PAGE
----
“Making Trouble” (NR) (3.5) [DVD only] — A well-paced, informative, and entertaining 2007 Rachel Talbot documentary in which four contemporary comedians (Jackie Hoffman, Cory Kahaney, Jessica Kirson, and Judy Gold) discuss six legendary Jewish women (Molly Picon, Fanny Brice, Gilda Radner, Joan Rivers, Sophie Tucker, and Wendy Wasserstein) in comedy interspersed with interviews and archival film footage and photographs.
Miss Pettigrew Lives for a Day” (PG-13) (4) [Some partial nudity and innuendo.] [DVD only] — When a savvy, down-on-her-luck, prim-and-proper, middle-aged governess (Frances McDormand) in pre-WWII London finagles a job as a social secretary to a frazzled, gorgeous, aspiring American actress (Amy Adams) who splits her affections among a down-to-earth pianist (Lee Pace), the cocky son (Tom Payne) of a theater producer, and an arrogant cabaret lounge owner (Mark Strong) in this wonderfully charming, well-acted, witty film, she finds herself falling for a charming lingerie designer (Ciarán Hinds) already engaged to a two-timing dress salon owner (Shirley Henderson).
“Parting Shot” (NR) (3) [Subtitled] [DVD only] — After a disillusioned, suicidal night-shift nurse (Isild Le Besco) in a small Swiss town breaks up with her boyfriend (Christopher Sermet) and impulsively shoots an angry 14-year-old boy (Steven de Almeida) who is emotionally disconnected from his worried parents (Lio and Yves Verhoeven) in this 2006 Jeanne Waltz unsettling and dramatic character study, she unexpectedly ends up caring for her shooting victim and together they learn to be forgiving.
“Semi-Pro” (R) (1.5) [Language and some sexual content.] [DVD only] — When a flamboyant, one-song singer (Will Ferrell) buys a ramshackle Michigan basketball team (Andre Benjamin, Josh Braaten, Peter Cornell, et al.) in 1976 and later learns that his underdog ABA league team may not be eligible to merge with the NBA in this stupid, silly, over-the-top comedy filled with foul language, he hires a new team member (Woody Harrelson) to help them win games and devises a series of wacky promotions to lure the crowds.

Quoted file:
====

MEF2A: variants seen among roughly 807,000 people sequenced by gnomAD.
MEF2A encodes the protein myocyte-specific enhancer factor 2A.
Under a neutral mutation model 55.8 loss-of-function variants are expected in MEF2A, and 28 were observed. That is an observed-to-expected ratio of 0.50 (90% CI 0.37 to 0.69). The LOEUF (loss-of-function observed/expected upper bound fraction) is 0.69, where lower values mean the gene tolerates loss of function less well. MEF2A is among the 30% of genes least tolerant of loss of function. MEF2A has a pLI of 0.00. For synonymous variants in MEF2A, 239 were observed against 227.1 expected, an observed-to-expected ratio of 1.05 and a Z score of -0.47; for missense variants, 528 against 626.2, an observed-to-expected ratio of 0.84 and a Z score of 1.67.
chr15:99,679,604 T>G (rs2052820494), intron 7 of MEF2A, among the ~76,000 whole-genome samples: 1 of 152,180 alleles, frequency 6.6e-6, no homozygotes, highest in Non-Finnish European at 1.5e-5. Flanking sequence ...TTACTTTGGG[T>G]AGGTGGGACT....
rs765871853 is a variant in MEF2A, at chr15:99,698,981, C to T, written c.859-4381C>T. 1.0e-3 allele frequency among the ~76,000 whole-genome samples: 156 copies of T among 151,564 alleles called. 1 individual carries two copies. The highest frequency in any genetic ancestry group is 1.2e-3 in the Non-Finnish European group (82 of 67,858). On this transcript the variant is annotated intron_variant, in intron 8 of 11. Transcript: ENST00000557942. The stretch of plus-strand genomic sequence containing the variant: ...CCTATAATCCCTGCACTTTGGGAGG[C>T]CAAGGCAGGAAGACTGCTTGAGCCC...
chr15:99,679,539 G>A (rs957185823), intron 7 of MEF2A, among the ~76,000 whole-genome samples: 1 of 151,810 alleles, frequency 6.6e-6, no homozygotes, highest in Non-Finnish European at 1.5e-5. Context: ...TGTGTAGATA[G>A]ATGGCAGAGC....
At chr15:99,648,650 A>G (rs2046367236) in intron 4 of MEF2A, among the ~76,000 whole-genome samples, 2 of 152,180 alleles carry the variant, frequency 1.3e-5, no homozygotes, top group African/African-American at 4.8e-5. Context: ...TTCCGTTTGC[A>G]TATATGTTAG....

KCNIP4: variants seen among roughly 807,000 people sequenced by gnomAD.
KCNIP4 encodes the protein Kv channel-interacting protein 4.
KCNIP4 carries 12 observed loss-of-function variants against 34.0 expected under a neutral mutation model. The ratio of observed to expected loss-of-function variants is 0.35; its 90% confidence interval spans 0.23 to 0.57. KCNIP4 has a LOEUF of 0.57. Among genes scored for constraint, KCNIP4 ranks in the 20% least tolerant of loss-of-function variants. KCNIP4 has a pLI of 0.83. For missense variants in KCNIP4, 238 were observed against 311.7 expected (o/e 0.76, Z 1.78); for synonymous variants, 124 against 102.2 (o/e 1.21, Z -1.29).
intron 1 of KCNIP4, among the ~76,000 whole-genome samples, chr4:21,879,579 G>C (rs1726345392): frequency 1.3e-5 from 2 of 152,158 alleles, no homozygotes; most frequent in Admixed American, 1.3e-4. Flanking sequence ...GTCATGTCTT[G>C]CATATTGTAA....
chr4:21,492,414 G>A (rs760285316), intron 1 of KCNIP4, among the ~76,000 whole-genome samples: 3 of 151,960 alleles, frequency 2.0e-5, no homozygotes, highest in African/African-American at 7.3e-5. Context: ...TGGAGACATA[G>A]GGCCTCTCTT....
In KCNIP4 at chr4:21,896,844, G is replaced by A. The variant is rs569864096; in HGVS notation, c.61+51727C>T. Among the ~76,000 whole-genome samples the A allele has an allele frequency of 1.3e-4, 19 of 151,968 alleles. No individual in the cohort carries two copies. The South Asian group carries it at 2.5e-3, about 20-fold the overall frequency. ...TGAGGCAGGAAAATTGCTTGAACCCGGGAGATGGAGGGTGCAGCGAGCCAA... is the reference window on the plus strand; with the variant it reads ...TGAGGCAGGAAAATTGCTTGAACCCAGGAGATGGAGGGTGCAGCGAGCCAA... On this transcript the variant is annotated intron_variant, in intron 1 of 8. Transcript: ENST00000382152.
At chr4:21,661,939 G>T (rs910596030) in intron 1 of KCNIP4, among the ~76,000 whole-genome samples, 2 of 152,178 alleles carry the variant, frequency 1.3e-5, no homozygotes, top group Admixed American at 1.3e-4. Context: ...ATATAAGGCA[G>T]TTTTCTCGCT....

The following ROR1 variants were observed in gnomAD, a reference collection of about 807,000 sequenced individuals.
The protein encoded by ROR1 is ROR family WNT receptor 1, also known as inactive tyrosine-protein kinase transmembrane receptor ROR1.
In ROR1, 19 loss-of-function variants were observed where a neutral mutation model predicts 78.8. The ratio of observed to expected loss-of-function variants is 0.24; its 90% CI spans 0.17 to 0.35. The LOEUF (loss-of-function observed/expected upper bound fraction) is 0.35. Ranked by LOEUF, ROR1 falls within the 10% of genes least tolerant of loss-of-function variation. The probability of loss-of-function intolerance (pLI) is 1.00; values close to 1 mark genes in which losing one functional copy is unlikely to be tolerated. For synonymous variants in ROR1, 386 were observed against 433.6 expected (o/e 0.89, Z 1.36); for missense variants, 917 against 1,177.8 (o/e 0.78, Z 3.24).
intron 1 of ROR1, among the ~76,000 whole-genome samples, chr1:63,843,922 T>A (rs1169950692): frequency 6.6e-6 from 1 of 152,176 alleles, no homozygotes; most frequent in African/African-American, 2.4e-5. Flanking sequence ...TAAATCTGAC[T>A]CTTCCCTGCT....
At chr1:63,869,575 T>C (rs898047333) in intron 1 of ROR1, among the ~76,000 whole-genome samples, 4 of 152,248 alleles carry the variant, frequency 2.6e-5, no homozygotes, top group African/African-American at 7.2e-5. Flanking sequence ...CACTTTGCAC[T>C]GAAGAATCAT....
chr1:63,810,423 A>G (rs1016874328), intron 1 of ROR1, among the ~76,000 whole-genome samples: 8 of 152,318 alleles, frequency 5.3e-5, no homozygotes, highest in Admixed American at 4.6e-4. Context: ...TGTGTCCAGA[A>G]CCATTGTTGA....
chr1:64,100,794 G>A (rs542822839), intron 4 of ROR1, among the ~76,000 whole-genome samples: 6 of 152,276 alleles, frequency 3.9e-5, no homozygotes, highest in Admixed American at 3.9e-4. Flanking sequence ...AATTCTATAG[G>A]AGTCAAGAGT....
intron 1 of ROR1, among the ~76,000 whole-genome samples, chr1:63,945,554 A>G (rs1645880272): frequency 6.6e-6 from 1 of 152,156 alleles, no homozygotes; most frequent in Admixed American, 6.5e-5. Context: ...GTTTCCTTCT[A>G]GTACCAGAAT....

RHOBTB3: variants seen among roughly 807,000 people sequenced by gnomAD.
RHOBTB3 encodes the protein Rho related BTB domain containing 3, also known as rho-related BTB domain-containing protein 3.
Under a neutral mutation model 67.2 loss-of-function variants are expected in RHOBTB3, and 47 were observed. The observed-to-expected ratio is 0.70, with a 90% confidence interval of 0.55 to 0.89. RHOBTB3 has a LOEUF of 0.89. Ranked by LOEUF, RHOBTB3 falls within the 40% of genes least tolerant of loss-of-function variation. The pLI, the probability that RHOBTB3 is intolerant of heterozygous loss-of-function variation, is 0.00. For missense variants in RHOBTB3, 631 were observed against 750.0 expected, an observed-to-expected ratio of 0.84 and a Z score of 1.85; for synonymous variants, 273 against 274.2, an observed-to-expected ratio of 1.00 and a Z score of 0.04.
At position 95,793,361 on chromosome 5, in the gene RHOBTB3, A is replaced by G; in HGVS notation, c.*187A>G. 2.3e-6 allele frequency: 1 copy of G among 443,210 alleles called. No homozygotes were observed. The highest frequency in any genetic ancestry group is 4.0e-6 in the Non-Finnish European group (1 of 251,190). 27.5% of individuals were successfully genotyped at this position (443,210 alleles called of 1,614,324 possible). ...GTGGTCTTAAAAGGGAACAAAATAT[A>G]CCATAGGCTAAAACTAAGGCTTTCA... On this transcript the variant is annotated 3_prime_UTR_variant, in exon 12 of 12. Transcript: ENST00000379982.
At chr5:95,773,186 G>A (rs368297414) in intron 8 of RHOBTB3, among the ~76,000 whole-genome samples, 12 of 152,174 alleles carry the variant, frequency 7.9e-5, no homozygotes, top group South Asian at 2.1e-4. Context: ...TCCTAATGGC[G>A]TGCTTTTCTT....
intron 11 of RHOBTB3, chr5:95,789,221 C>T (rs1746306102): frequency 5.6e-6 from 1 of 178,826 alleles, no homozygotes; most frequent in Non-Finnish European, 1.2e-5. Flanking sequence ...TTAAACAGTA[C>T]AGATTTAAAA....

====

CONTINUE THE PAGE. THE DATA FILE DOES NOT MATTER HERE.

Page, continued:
“Spider-Man: Homecoming” (PG-13) (4) [Sci-fi action violence, some language, and brief suggestive comments.] — After Iron Man (Robert Downey Jr.) takes 15-year-old Spider-Man (Tom Holland) under this wing in preparation for his becoming a full-fledged Avenger, builds him a million-dollar suit, and invites him to participate in a Tony Stark internship in this entertaining, riveting, humorous, superbly acted, well-paced, surprise dotted, action-packed, star-studded (Jon Favreau, Gwyneth Paltrow, Zendaya, Chris Evans, Tony Revolori, Hannibal Buress, Tyne Daly, Kenneth Choi, Angourie Rice, Garcelle Beauvais, Zach Cherry, Amadeus Cho, Gary Weeks, Jennifer Connolly, and Kerry Condon), 3D, 133-minute sequel, the zealous, eager teenager, who lives with his aunt (Marisa Tomei) in Queens, hangs out with his excitable best friend (Jacob Batalon), and has a crush on one of his gorgeous decathlon teammates (Laura Harrier), is desperate to prove himself by taking on an unapproved mission and going after a tenacious small-time contractor (Michael Keaton) turned villain known as the Vulture and his henchmen (Bokeem Woodbinem, Michael Chernus, Logan Marshall-Green, et al.) who are selling alien technology and weapons to the highest bidders (Donald Glover, Michael Mando, et al.).
Wendy Schadewald is a Burnsville resident.